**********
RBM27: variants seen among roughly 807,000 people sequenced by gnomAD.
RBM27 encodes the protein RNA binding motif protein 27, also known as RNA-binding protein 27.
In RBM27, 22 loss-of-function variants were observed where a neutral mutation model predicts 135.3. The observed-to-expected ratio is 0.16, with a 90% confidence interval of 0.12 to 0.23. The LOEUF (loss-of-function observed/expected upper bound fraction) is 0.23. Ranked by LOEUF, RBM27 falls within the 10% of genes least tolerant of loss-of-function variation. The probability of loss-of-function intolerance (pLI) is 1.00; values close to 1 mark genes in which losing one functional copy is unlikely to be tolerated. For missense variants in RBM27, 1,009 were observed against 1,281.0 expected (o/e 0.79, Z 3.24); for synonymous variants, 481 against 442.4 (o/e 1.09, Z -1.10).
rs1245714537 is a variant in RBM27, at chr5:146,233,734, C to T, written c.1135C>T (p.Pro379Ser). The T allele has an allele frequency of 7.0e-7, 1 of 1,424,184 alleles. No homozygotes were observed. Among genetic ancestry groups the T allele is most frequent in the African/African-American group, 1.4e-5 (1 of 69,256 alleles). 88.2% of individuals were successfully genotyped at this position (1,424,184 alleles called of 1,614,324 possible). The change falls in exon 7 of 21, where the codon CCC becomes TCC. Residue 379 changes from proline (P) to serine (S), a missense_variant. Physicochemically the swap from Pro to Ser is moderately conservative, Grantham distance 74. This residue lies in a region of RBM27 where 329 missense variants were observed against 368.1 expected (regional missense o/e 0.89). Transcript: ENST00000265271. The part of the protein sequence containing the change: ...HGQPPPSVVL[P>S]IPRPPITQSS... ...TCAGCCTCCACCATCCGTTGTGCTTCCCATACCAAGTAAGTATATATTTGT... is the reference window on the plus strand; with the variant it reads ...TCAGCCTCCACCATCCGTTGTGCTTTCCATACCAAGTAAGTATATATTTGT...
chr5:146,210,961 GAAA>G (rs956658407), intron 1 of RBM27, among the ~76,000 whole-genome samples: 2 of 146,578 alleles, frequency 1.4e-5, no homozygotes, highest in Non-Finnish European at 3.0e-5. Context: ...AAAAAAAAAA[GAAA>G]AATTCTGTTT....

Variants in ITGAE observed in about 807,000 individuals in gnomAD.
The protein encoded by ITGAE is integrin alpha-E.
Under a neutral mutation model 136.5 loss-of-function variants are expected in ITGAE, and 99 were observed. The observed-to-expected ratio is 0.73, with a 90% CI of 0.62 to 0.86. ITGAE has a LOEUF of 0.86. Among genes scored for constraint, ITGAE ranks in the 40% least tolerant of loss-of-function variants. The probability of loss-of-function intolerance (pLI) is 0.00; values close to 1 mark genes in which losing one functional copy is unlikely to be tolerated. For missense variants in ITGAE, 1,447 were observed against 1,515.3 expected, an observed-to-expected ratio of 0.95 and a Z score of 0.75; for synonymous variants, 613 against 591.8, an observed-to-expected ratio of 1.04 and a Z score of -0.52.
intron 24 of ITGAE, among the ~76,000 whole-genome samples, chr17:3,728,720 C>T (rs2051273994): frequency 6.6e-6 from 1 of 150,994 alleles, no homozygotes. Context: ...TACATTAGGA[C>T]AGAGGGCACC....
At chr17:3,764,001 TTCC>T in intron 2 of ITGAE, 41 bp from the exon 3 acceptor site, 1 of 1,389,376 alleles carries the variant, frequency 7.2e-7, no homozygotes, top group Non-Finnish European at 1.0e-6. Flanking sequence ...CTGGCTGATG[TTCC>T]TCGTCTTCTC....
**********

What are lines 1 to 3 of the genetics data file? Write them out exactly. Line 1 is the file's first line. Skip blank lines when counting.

RBM27: variants seen among roughly 807,000 people sequenced by gnomAD.
RBM27 encodes the protein RNA binding motif protein 27, also known as RNA-binding protein 27.
In RBM27, 22 loss-of-function variants were observed where a neutral mutation model predicts 135.3. The observed-to-expected ratio is 0.16, with a 90% confidence interval of 0.12 to 0.23. The LOEUF (loss-of-function observed/expected upper bound fraction) is 0.23. Ranked by LOEUF, RBM27 falls within the 10% of genes least tolerant of loss-of-function variation. The probability of loss-of-function intolerance (pLI) is 1.00; values close to 1 mark genes in which losing one functional copy is unlikely to be tolerated. For missense variants in RBM27, 1,009 were observed against 1,281.0 expected (o/e 0.79, Z 3.24); for synonymous variants, 481 against 442.4 (o/e 1.09, Z -1.10).